The fig has a fascinating story 

 

It is one of the first plants cultivated by humans and was recognised as an early food source. It has a deep and exotic history and has been associated with Asian, Middle Eastern and Mediterranean climates and abundance.
An interesting aspect of the fig is that its fruit is really an inverted flower. When you cut the fig in half you can see the seeds or flower stamins. These are completely edible and form part of the flesh of the fruit. To complicate matters there are four types of fig. 

The common fig, the caprifig, the smyrna, and the san pedro type.

The Common fig is the most prevalent type because it develops without pollination and does not rely upon the bees to produce fruit. However, because the fruit does not produce 'true' seeds, trees have to be propogated from cuttings.  

 

Caprifigs are different and the fruit, although non edible, produces pollen. This pollen is essential for fertilising the fruit of the other types, the Smyrna and San Pedro types. The pollen is transported from the Caprifig to the pollen-sterile types by a small wasp (termed a Blastophaga wasp) which enters the 'fruit' though a small hole at its base and lays its eggs. These small wasps are not present in New Zealand which is why we propgate figs by cuttings.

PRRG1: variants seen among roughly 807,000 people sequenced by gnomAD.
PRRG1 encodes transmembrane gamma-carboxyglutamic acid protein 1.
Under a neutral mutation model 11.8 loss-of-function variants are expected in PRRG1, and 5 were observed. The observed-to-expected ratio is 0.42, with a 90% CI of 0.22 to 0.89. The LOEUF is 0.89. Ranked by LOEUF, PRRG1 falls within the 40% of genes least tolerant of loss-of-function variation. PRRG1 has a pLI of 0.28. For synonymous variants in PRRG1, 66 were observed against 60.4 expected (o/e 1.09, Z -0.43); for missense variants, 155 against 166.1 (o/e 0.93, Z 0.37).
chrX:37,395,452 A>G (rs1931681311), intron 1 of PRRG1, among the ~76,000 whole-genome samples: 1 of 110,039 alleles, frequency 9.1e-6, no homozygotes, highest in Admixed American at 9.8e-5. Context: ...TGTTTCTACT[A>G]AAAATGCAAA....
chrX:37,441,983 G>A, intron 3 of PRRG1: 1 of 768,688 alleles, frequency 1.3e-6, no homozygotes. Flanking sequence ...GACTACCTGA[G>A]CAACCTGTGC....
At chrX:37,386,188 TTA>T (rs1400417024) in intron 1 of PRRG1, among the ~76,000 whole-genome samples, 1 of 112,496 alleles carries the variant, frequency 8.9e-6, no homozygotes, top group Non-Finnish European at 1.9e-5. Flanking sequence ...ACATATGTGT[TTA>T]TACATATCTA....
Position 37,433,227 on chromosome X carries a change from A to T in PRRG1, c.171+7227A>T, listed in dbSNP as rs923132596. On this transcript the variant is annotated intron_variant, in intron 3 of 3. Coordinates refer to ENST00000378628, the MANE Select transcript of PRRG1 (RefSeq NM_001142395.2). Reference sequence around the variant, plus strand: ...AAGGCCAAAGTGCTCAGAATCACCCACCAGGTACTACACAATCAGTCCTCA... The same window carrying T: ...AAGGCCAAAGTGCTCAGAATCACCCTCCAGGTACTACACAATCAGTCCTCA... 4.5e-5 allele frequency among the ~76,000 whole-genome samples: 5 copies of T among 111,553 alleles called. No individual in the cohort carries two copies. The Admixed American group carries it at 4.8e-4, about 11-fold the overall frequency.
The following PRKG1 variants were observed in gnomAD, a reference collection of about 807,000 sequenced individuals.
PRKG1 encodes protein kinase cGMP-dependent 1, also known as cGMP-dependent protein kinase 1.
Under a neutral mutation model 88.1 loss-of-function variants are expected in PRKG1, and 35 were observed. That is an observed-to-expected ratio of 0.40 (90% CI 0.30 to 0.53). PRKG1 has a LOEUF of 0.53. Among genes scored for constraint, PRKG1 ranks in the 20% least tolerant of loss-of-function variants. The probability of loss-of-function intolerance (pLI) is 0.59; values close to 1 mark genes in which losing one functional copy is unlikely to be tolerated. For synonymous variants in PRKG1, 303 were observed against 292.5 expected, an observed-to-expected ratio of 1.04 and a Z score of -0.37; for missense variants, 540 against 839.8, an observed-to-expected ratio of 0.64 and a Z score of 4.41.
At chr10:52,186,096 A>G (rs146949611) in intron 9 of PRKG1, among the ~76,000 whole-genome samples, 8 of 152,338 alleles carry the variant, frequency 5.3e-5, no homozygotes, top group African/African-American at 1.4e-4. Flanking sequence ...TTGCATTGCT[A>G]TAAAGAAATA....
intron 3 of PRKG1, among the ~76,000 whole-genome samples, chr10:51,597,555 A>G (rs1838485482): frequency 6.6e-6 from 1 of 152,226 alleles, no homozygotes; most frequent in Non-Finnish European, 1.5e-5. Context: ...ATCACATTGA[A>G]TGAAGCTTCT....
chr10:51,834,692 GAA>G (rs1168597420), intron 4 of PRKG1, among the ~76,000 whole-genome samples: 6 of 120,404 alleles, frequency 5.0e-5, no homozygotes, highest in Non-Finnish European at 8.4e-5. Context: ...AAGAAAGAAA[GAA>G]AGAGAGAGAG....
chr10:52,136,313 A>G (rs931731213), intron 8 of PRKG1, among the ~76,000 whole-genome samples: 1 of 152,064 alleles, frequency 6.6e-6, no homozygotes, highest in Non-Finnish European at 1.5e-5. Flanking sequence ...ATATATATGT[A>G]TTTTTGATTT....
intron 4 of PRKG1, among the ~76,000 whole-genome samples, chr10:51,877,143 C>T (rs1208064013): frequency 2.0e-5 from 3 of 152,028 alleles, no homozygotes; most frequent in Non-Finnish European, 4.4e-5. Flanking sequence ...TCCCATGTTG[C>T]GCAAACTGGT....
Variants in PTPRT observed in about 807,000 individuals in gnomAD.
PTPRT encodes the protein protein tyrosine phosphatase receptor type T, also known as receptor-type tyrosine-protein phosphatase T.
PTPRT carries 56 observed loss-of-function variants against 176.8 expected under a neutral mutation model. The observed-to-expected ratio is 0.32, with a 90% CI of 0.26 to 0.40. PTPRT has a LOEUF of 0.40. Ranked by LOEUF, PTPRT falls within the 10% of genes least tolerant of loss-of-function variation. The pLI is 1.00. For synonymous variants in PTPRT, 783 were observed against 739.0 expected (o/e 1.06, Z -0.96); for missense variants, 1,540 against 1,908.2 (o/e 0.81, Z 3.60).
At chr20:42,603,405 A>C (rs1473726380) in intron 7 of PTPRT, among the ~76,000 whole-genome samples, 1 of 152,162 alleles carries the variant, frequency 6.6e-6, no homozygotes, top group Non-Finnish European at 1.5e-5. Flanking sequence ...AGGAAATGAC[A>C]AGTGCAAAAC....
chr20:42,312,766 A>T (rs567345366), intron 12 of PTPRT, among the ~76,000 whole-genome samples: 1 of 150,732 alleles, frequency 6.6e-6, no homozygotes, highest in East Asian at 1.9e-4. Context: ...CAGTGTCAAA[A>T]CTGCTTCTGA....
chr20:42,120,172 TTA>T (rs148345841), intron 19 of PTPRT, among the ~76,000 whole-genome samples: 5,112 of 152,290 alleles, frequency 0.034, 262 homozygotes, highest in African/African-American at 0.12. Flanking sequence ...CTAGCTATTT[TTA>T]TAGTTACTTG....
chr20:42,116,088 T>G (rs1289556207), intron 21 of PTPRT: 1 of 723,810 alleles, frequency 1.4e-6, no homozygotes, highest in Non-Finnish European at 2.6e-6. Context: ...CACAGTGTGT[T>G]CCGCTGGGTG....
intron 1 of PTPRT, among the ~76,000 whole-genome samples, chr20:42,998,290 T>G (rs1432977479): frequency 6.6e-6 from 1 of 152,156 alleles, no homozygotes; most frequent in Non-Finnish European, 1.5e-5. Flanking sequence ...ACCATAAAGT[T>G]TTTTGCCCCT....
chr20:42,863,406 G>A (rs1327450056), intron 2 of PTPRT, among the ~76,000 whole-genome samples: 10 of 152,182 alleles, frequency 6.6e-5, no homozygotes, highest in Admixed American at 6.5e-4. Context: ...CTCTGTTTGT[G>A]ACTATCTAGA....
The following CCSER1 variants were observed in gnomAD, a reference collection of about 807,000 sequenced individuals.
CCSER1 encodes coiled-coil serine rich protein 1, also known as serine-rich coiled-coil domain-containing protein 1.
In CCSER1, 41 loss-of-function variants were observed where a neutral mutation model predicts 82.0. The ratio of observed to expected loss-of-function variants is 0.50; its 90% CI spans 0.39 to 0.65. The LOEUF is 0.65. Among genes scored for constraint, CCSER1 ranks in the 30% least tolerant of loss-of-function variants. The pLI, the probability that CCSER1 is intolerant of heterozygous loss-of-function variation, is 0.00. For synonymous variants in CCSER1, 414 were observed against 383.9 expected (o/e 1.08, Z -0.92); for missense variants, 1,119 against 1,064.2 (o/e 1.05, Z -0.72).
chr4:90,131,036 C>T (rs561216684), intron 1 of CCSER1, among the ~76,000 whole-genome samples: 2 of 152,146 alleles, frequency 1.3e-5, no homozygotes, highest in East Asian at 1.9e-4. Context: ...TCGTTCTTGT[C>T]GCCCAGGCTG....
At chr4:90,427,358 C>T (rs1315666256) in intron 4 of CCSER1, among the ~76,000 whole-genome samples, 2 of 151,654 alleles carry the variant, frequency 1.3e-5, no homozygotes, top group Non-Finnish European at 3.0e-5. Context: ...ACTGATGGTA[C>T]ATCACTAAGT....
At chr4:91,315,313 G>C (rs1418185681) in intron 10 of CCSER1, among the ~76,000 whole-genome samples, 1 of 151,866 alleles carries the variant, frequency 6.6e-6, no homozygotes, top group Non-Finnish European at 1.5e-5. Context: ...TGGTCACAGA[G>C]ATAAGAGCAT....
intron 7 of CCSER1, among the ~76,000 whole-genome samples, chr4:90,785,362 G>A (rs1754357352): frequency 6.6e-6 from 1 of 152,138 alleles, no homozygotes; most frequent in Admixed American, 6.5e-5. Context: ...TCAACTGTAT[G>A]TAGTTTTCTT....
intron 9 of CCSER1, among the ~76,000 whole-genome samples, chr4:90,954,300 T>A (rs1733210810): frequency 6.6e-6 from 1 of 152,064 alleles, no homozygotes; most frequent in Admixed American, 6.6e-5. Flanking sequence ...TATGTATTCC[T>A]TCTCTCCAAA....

Smyrna fig varieties produce large edible fruit with true seeds. These varieties rely upon the wasp and Caprifigs for pollination and the normal fruit development. If this fertilisation process does not occur, fruit will not develop properly and will fall from the tree. Smyrna-type figs are commonly sold as dried figs.

(www.California Figs.com)

 

San Pedro type figs bear two crops of fruit in one season – the first crop early in the spring is called the breba crop and is produced on the previous seasons growth, or old wood.  It produces the fruit parthenogenically and therefore does not require pollination. The second crop, the main crop, fruits on the new or current growth. The fruit of the second crop is the smyrna type and requires pollination from the Caprifig. The fruit may fail to set if it has not been pollinated.